Planners and decision-makers entitled for rural land use planning seem to be challenged by the growing multidimensional nature of rural areas. The emergence of non-agricultural land uses in land allocated for agriculture is an important aspect of this multidimensional nature of rural areas. The overall goal of this study is to map and better understand unplanned land uses taking place within the agricultural territory allocated by spatial policy in Flanders (northern region of Belgium). We used a two-staged methodology. First, by a GIS analysis on official datasets, parcels allocated as farmland but without a registered agricultural use, were identified as being part of an information gap. The results indicate that 15% of the statutory agricultural area is not factually used for agriculture. Next, using orthophotographs and Google Streetview images, we identified for six representative municipalities the actual land uses taking place parcels with an inconsistently determined land use. The fraction of 15% was then further differentiated into apparent farmland (33%), domestic gardens (36.3%) and nonagricultural economic activities (5.5%). Based on the in-depth survey, it can be estimated that over 10% of the statutory farmland in Flanders is not farmland in reality. Based on these results, the paper introduces the concept ‘virtual farmland’ as statutory agricultural land with non-agricultural land uses.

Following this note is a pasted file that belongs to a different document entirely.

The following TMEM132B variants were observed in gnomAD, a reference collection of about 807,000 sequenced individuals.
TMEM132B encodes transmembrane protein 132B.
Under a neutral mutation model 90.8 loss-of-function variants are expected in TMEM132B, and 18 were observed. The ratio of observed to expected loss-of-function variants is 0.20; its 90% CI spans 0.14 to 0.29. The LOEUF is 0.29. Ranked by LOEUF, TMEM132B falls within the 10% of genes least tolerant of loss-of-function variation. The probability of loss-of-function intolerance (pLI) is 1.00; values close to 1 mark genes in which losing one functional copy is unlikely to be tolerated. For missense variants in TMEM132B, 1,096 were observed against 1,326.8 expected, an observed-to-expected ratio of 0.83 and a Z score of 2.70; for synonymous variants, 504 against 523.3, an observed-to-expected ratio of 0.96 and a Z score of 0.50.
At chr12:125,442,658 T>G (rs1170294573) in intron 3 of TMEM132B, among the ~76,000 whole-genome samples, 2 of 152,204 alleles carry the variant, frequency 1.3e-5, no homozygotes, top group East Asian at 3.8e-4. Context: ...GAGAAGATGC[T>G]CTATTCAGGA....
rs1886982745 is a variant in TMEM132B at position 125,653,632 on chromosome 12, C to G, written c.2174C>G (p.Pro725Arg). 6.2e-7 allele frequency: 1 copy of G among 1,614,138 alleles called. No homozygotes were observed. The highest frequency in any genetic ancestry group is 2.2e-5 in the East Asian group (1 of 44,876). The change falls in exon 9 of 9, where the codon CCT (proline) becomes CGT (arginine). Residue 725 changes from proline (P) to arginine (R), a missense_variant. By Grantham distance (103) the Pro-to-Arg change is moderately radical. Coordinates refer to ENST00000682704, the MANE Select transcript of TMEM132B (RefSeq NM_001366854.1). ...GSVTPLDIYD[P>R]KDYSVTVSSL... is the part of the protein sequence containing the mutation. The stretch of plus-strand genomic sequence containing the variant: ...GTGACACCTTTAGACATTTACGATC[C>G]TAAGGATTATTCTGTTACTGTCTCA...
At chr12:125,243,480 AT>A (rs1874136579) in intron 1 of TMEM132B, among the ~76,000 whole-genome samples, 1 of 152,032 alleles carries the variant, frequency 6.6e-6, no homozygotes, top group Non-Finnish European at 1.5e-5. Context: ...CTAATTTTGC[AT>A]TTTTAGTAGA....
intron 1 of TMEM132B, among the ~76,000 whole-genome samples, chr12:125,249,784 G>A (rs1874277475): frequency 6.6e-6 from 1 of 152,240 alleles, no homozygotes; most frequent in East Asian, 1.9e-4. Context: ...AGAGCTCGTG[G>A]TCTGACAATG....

This concept is applicable elsewhere and can be a powerful concept to theorize and make progress in monitoring the so far little known occupation of statutory agricultural land by unplanned nonagricultural land uses. Especially in regions with a strong competition for land, the quantification of virtual farmland provides a scientific basis to weigh and to integrate different spatial claims.